Excel for Finance | Excel Financial Formulas Cheat Sheet

10.4 min read|Last Updated: November 30th, 2023|Categories: excel|
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As a financial analyst or a business accountant, Excel will be your best friend throughout your career. It has innumerous functions for creating financial formulas, formulating assumptions, capital budgeting, risk analyzing, and preparing financial strategies. However, the basic functions and knowledge of Excel will not be enough for this purpose. That’s when you need to learn more about using Excel for finance. To help you write financial formulas in Excel, there are some frequently used functions that will be practical to start with. 

How is Excel used in finance?

Considering the large number of functions Excel has for different data types, it is fairly easy to use Excel for finance. Whether you are an accountant, investor, or corporation, you can perform different technical calculations and prepare the most complex reports and analyses using Excel. 

What Excel formulas are used in finance?

Here is the list of top 10 Excel functions for financial and accounting uses: 

Future Value (FV)

One important thing to financial planners and investors is the Future Value (FV) of an investment, which is the expected value of the current investment in the future with an assumed growth rate. Knowing the concept of this function, you can easily write the formula in Excel using the FV function. The syntax is as follows: 

=FV (Rate, Nper, [Pmt], PV, [Type])

Regarding writing this formula, you need to know a little more about each value:

  • Rate: as its name indicates, it is the growth rate that is expected in the future. 
  • Nper: Number of periods means how many years or months you want this investment to continue. For example, if you make monthly payments on a four-year loan, Nper should be 4.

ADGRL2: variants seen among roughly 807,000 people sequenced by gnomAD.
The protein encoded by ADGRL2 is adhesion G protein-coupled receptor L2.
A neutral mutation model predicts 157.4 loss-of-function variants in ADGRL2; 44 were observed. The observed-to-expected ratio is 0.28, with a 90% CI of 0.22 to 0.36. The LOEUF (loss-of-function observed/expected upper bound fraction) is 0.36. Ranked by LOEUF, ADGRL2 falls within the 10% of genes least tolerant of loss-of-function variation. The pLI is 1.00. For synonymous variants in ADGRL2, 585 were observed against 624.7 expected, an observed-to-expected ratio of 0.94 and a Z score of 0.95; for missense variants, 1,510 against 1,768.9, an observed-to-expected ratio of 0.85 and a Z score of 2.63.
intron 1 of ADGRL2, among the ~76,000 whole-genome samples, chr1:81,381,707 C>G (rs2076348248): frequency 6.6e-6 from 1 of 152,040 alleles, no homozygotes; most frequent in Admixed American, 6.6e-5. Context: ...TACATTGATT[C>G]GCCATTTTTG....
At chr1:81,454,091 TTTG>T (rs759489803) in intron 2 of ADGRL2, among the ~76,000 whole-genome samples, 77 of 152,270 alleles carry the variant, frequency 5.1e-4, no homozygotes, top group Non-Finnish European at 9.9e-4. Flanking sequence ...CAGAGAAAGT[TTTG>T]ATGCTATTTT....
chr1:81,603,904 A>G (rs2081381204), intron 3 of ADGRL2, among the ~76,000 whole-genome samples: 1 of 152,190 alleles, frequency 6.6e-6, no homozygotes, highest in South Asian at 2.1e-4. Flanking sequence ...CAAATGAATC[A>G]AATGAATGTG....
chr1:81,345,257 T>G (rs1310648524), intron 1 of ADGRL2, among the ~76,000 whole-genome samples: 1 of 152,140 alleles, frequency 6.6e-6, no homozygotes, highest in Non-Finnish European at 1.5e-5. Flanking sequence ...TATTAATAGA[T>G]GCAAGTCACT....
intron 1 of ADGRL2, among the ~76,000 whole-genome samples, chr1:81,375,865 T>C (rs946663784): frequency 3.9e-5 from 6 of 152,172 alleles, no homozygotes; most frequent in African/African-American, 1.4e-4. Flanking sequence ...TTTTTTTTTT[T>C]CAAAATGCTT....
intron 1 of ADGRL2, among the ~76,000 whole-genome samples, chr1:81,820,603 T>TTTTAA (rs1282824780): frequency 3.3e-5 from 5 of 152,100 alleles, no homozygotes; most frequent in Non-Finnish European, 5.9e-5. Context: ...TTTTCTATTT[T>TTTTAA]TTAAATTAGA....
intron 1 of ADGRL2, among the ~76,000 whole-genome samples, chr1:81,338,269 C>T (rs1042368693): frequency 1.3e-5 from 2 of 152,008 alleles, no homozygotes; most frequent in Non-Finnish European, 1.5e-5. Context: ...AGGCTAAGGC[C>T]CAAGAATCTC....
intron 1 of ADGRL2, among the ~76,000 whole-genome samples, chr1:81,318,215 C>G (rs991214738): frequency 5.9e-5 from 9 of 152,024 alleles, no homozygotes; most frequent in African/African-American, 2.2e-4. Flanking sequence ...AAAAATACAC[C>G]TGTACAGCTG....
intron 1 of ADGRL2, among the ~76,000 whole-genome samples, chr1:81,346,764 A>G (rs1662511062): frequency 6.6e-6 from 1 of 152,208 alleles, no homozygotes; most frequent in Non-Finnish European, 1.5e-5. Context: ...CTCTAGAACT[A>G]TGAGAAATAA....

• [Pmt]:  Payment/period (Payments in each period are entered with a negative number and receipts with a positive number.)
  • PV: Present Value is the current investment money. 
  • [Type]: When the payment is made, its value can be 0 or 1. Since this value is optional, it can be omitted and considered 0. 

Let’s see how this function works in an Example: 

Consider you invested 200$ in 2018; the payment has been made annually with an interest rate of 10%. What will be the Future Value of this investment in 2022? 

The formula is written as follows: 

= FV (10%, 4, 1, – 200)

= FVSCHEDULE (Principal, Schedule)


If you've invested 200$ in 2018; with 10% interest rate on the annual payment; the Future value of this investment in 4 years is calculated by FV Function
Figure 1- Example of FV Function in Excel

What if the interest rate changes each year? For example, assume that the growth rate of 2019 is 20%, 2020 is 25%, and 2021 is %30. How is the Future Value of this investment calculated for 2022? That’s when FVSCHEDULE is used. 

FVSCHEDULE is a financial function in Excel that calculates the future value with variable interest rate. The formula is written as follows: 

  • Principal is the present value. 
  • Schedule is the series of interest rates which is selected within a range. 


FVSCHEDULE function calculates the future value with variable interest rates. It asks for the present value, and a series of interest rates.
Figure 2- Example of FVSchedule function in Excel.

Present Value (PV)

Calculating the present value is as effortless as finding the future value (FV). The method and the syntax are all the same, and only the financial function changes to PV. The formula is as follows: 

= PV (Rate, Nper, [Pmt], FV, [Type])

Let’s explain it with an example. Assume that the future value of an investment is 400$ in 2024. With a 10% interest rate that has been made yearly for 2 years, how do you expect the PV of this amount to be as of now? 

In this example the future value is 400$. With a yearly 10% interest rate for 2 years, the Present value is calculated 328.84 $ with PV function.
Figure 3- Example of PV Function in Excel

Net Present Value (NPV)

For investors, it’s critical to have a preview of the current value of a future stream of payments, known as Net Present Value (NPV). A positive NPV is a sign that shows the project or investment will have a positive result. NPV is also